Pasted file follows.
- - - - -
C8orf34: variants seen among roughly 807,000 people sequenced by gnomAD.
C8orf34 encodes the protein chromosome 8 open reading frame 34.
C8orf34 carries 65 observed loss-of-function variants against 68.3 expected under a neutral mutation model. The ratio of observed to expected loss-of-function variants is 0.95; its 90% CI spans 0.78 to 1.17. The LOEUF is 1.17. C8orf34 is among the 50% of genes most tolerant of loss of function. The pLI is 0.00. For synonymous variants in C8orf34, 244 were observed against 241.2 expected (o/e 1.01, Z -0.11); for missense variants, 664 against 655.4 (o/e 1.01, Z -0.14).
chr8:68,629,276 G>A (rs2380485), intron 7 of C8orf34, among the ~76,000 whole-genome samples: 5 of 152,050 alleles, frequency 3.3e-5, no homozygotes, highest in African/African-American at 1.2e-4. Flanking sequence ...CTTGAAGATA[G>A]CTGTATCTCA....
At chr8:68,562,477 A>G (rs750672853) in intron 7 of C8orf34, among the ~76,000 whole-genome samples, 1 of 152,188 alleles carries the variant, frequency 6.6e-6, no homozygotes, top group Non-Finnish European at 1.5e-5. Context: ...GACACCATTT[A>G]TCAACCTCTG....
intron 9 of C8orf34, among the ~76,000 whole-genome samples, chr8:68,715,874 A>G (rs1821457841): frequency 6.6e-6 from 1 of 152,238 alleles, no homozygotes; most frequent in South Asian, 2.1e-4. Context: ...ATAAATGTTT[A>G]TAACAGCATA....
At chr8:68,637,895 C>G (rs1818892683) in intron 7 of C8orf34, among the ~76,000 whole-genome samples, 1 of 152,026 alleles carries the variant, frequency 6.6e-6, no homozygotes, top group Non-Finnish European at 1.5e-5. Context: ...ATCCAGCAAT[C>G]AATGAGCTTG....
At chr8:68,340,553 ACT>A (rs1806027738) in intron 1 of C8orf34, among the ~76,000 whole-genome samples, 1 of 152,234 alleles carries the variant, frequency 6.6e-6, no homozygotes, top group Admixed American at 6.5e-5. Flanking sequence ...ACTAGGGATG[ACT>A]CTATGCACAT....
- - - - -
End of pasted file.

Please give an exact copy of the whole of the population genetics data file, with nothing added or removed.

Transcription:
C8orf34: variants seen among roughly 807,000 people sequenced by gnomAD.
C8orf34 encodes the protein chromosome 8 open reading frame 34.
C8orf34 carries 65 observed loss-of-function variants against 68.3 expected under a neutral mutation model. The ratio of observed to expected loss-of-function variants is 0.95; its 90% CI spans 0.78 to 1.17. The LOEUF is 1.17. C8orf34 is among the 50% of genes most tolerant of loss of function. The pLI is 0.00. For synonymous variants in C8orf34, 244 were observed against 241.2 expected (o/e 1.01, Z -0.11); for missense variants, 664 against 655.4 (o/e 1.01, Z -0.14).
chr8:68,629,276 G>A (rs2380485), intron 7 of C8orf34, among the ~76,000 whole-genome samples: 5 of 152,050 alleles, frequency 3.3e-5, no homozygotes, highest in African/African-American at 1.2e-4. Flanking sequence ...CTTGAAGATA[G>A]CTGTATCTCA....
At chr8:68,562,477 A>G (rs750672853) in intron 7 of C8orf34, among the ~76,000 whole-genome samples, 1 of 152,188 alleles carries the variant, frequency 6.6e-6, no homozygotes, top group Non-Finnish European at 1.5e-5. Context: ...GACACCATTT[A>G]TCAACCTCTG....
intron 9 of C8orf34, among the ~76,000 whole-genome samples, chr8:68,715,874 A>G (rs1821457841): frequency 6.6e-6 from 1 of 152,238 alleles, no homozygotes; most frequent in South Asian, 2.1e-4. Context: ...ATAAATGTTT[A>G]TAACAGCATA....
At chr8:68,637,895 C>G (rs1818892683) in intron 7 of C8orf34, among the ~76,000 whole-genome samples, 1 of 152,026 alleles carries the variant, frequency 6.6e-6, no homozygotes, top group Non-Finnish European at 1.5e-5. Context: ...ATCCAGCAAT[C>G]AATGAGCTTG....
At chr8:68,340,553 ACT>A (rs1806027738) in intron 1 of C8orf34, among the ~76,000 whole-genome samples, 1 of 152,234 alleles carries the variant, frequency 6.6e-6, no homozygotes, top group Admixed American at 6.5e-5. Flanking sequence ...ACTAGGGATG[ACT>A]CTATGCACAT....